He wouldn’t be the first celebrity pundit to overstep his bounds. But after Bill O’Reilly’s interview with 60 Minutes last night about his latest book Killing Jesus, I’m thinking the Fox News commentator might want to stick to politics and social commentary.
Apparently, the authors (Martin Dugard co-authored the book) claim the story of Jesus’ life and death “has never fully been told. Until now.” As if two-thousand years worth of testimony, research, and scholarship has failed to uncover what a 21st century pundit did in 8 months (the length of time the book was written in).
The Blaze compiled the Top 5 Moments From Bill O’Reilly’s ‘Killing Jesus’ Interview With ’60 Minutes‘. And while some will surely lose it over O’Reilly’s claim to have been “inspired by the Holy Spirit” to write “Killing Jesus,” it was several other points that might stick in the craw of anyone with an average knowledge of the New Testament.
From The Blaze:
O’Reilly also shared the most surprising thing he learned about Jesus throughout the writing process.
“That he was a regular guy, very afraid, very afraid,” the television host explained. “Scared to die. Scared to be put on a cross. And that he got angry and that he was a little violent — and that he was a man.”
While I get what O’Reilly is saying, who was the last “regular guy” who raised the dead, cast out demons, walked on water, or claimed to be the One True God? And while the Scriptures are clear that Jesus was in anguish of soul about His crucifixion, being “very afraid, very afraid” does not seem to capture the divine resolve which propelled Him through the valley of tears. Was He a “regular guy”? Yes and no. However, it’s the irregular parts of Christ’s life that the authors seem intent to skirt.
Later in the interview, the television host described what makes Jesus unique — mainly that the Christian savior was able to attract a following and a level of popularity that nobody, to date, has replicated.
“Jesus of Nazareth was the most famous human being who ever lived on this planet and he had no infrastructure and it’s never been done,” O’Reilly said. “He had no government, no PR guy, no money, no structure. He had nothing, yet he became the most famous human being ever.”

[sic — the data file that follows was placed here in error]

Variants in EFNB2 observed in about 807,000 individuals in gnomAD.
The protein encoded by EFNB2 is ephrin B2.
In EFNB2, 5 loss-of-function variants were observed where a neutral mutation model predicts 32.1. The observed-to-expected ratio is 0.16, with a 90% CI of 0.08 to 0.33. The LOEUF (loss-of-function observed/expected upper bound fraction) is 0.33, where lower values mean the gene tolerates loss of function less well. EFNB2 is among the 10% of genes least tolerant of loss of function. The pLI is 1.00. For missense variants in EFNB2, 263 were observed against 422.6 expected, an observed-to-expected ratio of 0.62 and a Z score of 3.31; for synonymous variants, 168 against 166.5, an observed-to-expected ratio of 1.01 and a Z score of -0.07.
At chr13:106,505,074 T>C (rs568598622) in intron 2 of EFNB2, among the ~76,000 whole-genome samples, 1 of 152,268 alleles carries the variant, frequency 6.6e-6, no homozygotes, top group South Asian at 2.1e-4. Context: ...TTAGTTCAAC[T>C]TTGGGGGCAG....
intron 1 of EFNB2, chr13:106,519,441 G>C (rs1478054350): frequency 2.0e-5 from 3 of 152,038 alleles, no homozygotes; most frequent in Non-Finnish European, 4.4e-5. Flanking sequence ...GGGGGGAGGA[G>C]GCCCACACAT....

Am I missing something? What makes Jesus “unique” is that He “became the most famous human being ever” without having had “no government, no PR guy, no money, no structure”??? Huh?
Forgive me, Mr. Bill. But I’m thinking that Jesus’ uniqueness has nothing to do with Him not having had a PR guy.
Yet, for some reasons, O’Reilly seems determined to keep Christ’s claim to deity and the miraculous out of the equation:
Most Christians believe that Jesus is God’s son, so why didn’t O’Reilly include this central theological underpinning in the book? When O’Donnell asked this important question, he was candid.
“Because it’s not a religious book,” O’Reilly said, explaining that it’s rooted entirely in history. “There’s no religion in the book — nothing.”
Which may be the problem. In their attempt to keep the book pure “history,” the authors miss the real “uniqueness” of Jesus Christ.
Tim Challies, in his review of “Killing Jesus,” writes:
Jesus’ life is not mere history. Yes, he was a real man who lived a real life and died a real death, but that is not all he was and all he did. He also claimed to be God’s Son and his followers claimed that in his life and death he had done something unique and, literally, world-changing. The same Bible that describes Jesus’ life, also interprets and explains it. And this is the story the authors do not tell.
Any author who writes a narrative account of Jesus’ life will find it difficult to do justice to both his humanity and his divinity (and we saw, for example, in Anne Rice’s series on Jesus). These authors err far to the side of his humanity. It becomes quickly apparent they will not focus on Jesus’ miracles. While they mention a few of the wonders he performed, and especially the ones involving healings, they do not commit all the way and tend to present these as events Jesus’ followers believed had happened as much as events that had actually taken place. (emphasis mine)
Seeing Jesus as just a “regular guy” is the option He never left us. In fact, this is the exact argument Lewis makes in his classic, “Mere Christianity.”
“I am trying here to prevent anyone saying the really foolish thing that people often say about Him: ‘I’m ready to accept Jesus as a great moral teacher, but I don’t accept His claim to be God.’ That is the one thing we must not say. A man who was merely a man and said the sort of things Jesus said would not be a great moral teacher. He would either be a lunatic – on the level with the man who says he is a poached egg – or else he would be the Devil of Hell. You must make your choice. Either this man was, and is, the Son of God: or else a madman or something worse. You can shut Him up for a fool, you can spit at Him and kill Him as a demon; or you can fall at His feet and call Him Lord and God. But let us not come with any patronising nonsense about His being a great human teacher. He has not left that open to us. He did not intend to.” (C.S. Lewis, Mere Christianity, The MacMillan Company, 1960, pp. 40-41.)
While O’Reilly may be correct about the political climate that contributed to Christ’s controversy and eventual crucifixion, to remove His claim to deity from the equation (not to mention His resurrection from the dead) is foolish. “He has not left that open to us.” A man who was merely a man and said the sort of things Jesus said would not be a great moral teacher, a political revolutionary, or a social reformer. He would be a nut!
Yet skirting the claims Jesus made about Himself is the only way the authors of “Killing Jesus” can make Him what He is not… just “a regular guy.”